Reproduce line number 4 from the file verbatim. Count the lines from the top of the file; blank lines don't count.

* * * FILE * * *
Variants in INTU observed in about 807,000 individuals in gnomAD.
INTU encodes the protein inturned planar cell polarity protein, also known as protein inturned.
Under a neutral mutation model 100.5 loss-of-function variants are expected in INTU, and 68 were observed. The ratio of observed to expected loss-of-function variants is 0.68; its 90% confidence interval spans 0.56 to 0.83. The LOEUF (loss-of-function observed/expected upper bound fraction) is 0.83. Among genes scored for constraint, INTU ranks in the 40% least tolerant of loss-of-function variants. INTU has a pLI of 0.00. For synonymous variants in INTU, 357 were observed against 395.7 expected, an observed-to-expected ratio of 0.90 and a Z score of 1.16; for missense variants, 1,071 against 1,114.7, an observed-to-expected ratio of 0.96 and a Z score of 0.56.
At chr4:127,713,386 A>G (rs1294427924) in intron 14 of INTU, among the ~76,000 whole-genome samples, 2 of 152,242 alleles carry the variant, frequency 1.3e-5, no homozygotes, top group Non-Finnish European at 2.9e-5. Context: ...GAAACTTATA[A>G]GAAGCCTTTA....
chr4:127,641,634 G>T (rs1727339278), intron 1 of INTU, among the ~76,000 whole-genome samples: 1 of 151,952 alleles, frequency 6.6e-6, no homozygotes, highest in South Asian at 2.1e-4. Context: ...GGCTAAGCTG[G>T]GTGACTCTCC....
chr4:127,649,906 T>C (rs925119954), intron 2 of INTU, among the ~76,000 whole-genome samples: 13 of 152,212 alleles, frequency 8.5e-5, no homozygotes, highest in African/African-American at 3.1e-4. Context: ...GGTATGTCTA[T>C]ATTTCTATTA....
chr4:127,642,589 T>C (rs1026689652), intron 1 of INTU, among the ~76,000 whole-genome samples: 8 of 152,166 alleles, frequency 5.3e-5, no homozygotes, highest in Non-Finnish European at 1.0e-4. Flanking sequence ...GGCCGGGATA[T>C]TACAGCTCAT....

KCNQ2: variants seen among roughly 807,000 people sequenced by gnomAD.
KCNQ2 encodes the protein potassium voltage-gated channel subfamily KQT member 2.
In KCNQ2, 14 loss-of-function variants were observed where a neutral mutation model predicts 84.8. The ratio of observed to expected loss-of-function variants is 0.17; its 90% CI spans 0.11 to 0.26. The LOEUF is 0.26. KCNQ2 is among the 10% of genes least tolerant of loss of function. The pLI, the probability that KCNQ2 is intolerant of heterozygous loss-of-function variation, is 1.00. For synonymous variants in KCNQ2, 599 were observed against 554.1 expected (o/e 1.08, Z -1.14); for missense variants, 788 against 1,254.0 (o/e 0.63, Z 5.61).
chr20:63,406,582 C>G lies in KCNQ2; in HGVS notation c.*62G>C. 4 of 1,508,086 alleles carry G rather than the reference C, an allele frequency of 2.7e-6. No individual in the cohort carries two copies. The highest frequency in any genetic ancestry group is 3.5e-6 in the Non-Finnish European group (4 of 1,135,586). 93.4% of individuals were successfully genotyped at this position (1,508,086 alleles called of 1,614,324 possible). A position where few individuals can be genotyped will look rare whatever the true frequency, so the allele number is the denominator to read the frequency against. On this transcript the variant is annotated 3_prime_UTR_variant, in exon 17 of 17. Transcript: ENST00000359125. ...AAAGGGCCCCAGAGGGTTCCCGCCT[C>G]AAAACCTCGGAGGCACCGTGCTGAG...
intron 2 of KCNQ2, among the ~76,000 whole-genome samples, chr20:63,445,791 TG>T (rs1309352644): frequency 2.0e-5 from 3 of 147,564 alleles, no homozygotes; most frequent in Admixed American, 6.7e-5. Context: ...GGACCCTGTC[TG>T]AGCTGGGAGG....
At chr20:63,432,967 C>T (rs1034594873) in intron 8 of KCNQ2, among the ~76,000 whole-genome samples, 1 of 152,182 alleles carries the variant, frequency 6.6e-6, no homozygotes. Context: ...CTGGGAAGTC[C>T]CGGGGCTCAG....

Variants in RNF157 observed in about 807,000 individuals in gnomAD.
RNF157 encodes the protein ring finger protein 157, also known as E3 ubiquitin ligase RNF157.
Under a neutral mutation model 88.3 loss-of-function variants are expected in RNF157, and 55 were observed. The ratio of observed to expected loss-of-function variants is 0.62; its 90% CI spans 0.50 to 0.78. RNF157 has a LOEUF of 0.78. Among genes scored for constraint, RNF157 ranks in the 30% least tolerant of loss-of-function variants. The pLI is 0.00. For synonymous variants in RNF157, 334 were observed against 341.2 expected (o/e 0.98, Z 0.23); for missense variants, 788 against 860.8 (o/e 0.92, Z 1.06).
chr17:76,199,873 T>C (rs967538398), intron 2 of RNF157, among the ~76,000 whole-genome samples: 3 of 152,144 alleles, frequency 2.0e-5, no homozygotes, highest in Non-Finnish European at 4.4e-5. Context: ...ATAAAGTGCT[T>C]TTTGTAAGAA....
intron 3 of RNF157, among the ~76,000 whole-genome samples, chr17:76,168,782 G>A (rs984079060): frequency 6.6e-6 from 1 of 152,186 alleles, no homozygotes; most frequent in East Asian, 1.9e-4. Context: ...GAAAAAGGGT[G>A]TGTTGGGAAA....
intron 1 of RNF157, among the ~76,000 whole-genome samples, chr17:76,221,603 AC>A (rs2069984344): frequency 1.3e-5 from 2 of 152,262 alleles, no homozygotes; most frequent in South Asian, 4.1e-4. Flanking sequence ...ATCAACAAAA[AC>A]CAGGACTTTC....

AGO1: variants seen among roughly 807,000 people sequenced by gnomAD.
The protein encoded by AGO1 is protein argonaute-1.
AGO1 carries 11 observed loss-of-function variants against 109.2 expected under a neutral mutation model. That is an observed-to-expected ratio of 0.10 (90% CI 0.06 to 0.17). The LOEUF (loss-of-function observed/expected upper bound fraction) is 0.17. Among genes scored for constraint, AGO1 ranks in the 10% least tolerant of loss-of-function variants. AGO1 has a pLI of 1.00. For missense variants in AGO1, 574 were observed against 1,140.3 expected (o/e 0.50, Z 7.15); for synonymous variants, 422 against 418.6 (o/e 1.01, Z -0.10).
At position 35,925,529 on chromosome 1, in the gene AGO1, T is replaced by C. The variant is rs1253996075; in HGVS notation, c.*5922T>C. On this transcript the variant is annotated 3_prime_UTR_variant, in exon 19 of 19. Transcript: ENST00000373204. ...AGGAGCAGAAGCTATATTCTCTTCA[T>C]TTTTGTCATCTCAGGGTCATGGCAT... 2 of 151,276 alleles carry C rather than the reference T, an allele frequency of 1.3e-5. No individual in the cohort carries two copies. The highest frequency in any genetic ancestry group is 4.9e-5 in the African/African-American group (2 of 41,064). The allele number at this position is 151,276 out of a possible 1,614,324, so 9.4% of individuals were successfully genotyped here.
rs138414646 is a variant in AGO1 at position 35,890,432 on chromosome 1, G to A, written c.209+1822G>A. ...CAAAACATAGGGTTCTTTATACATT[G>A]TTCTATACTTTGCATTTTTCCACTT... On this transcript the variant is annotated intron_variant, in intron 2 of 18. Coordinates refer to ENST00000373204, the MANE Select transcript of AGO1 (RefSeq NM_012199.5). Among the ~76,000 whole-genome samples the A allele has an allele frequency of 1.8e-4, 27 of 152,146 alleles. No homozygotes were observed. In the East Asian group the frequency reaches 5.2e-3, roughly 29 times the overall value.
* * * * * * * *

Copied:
At chr4:127,713,386 A>G (rs1294427924) in intron 14 of INTU, among the ~76,000 whole-genome samples, 2 of 152,242 alleles carry the variant, frequency 1.3e-5, no homozygotes, top group Non-Finnish European at 2.9e-5. Context: ...GAAACTTATA[A>G]GAAGCCTTTA....